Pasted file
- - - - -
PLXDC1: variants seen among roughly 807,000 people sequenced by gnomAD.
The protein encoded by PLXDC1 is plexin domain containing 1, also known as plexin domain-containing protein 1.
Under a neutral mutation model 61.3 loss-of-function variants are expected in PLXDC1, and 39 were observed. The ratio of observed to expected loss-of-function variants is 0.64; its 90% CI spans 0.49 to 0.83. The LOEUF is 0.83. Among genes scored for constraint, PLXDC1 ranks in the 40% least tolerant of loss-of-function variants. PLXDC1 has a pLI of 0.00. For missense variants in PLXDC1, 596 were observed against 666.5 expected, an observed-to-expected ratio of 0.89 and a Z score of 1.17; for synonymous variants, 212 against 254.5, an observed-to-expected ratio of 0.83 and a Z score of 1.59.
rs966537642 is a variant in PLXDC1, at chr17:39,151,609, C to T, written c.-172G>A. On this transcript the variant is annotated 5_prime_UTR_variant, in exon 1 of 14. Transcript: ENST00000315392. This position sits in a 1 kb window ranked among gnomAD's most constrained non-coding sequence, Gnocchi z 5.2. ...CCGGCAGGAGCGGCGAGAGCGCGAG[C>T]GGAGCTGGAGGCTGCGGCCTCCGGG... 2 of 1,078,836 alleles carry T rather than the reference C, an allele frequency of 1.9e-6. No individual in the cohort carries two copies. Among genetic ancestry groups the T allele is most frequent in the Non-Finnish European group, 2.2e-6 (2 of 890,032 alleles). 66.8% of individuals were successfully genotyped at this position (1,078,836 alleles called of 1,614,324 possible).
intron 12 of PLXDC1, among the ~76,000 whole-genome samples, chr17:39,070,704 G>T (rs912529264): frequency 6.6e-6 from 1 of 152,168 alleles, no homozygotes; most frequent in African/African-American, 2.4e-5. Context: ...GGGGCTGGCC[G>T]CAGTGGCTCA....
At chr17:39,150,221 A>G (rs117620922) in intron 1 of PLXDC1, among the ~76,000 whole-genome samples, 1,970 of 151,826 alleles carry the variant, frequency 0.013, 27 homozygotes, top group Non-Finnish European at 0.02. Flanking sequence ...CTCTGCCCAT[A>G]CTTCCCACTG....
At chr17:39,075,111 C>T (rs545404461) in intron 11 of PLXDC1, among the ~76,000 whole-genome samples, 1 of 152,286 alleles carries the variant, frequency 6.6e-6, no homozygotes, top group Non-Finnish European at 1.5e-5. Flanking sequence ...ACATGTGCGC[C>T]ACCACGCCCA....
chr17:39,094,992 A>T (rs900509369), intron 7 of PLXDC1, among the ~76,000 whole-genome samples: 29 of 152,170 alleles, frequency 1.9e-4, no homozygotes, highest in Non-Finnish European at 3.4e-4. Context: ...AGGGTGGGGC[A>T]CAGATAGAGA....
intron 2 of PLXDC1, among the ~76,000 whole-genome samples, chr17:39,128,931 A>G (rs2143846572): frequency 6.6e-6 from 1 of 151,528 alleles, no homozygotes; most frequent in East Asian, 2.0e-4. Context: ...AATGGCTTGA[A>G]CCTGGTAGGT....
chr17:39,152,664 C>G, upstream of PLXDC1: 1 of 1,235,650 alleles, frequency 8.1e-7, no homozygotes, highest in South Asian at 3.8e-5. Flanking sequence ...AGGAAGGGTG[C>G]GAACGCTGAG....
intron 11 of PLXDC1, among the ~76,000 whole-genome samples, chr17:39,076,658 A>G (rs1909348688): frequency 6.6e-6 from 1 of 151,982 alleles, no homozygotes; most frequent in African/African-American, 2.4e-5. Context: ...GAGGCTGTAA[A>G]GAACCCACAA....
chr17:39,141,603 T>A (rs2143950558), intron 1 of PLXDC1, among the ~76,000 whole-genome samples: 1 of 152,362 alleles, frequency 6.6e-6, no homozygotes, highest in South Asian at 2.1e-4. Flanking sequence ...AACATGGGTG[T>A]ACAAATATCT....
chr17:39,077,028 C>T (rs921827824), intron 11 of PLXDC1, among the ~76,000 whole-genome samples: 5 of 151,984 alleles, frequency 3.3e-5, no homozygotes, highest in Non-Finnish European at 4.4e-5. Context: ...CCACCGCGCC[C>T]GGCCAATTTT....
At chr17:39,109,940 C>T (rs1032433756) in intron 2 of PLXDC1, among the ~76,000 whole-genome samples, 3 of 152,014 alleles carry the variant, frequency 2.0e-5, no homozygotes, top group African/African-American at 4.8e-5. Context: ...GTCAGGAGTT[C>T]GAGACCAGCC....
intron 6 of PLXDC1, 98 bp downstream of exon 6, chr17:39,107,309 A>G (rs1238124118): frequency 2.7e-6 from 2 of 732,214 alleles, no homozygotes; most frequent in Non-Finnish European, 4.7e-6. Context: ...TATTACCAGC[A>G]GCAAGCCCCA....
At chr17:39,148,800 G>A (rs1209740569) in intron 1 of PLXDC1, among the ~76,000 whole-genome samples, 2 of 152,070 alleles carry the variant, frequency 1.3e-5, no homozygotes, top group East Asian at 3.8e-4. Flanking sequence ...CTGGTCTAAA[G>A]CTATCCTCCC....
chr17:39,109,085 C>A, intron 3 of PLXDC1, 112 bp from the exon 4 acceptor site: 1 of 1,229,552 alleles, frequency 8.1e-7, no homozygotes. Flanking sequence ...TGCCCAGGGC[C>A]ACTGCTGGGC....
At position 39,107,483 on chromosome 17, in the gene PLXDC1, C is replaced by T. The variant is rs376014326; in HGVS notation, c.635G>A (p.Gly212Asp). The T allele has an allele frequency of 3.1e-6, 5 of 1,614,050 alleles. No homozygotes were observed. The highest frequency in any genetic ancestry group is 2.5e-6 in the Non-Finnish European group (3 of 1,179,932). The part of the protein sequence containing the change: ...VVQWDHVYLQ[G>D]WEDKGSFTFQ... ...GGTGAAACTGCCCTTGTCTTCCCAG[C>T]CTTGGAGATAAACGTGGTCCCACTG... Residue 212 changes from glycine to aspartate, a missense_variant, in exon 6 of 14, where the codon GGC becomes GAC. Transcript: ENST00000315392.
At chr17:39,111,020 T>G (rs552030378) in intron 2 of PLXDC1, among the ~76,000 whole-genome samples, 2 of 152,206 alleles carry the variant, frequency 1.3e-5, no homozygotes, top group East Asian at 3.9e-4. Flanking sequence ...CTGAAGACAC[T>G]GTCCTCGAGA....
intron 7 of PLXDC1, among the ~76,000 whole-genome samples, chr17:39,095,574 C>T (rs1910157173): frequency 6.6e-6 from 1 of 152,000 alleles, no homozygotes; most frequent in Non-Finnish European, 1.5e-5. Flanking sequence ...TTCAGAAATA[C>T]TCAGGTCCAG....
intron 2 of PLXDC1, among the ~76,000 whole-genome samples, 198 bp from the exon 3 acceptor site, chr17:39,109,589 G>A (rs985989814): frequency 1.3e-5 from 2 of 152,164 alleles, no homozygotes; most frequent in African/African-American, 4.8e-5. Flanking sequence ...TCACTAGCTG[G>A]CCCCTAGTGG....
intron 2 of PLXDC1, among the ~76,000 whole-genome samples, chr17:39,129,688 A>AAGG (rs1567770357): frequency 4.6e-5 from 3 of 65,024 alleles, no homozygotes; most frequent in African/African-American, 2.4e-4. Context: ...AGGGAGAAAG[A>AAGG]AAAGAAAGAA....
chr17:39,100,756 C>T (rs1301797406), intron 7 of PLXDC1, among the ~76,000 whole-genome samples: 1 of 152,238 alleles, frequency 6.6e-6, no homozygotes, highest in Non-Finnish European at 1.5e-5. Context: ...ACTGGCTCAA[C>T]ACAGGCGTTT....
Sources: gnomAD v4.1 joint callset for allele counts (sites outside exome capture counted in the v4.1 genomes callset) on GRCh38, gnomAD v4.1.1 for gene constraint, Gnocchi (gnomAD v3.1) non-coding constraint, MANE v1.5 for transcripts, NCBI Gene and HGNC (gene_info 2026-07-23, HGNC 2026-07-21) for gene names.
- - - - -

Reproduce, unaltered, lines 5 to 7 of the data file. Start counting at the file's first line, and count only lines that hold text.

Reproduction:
intron 12 of PLXDC1, among the ~76,000 whole-genome samples, chr17:39,070,704 G>T (rs912529264): frequency 6.6e-6 from 1 of 152,168 alleles, no homozygotes; most frequent in African/African-American, 2.4e-5. Context: ...GGGGCTGGCC[G>T]CAGTGGCTCA....
At chr17:39,150,221 A>G (rs117620922) in intron 1 of PLXDC1, among the ~76,000 whole-genome samples, 1,970 of 151,826 alleles carry the variant, frequency 0.013, 27 homozygotes, top group Non-Finnish European at 0.02. Flanking sequence ...CTCTGCCCAT[A>G]CTTCCCACTG....
At chr17:39,075,111 C>T (rs545404461) in intron 11 of PLXDC1, among the ~76,000 whole-genome samples, 1 of 152,286 alleles carries the variant, frequency 6.6e-6, no homozygotes, top group Non-Finnish European at 1.5e-5. Flanking sequence ...ACATGTGCGC[C>T]ACCACGCCCA....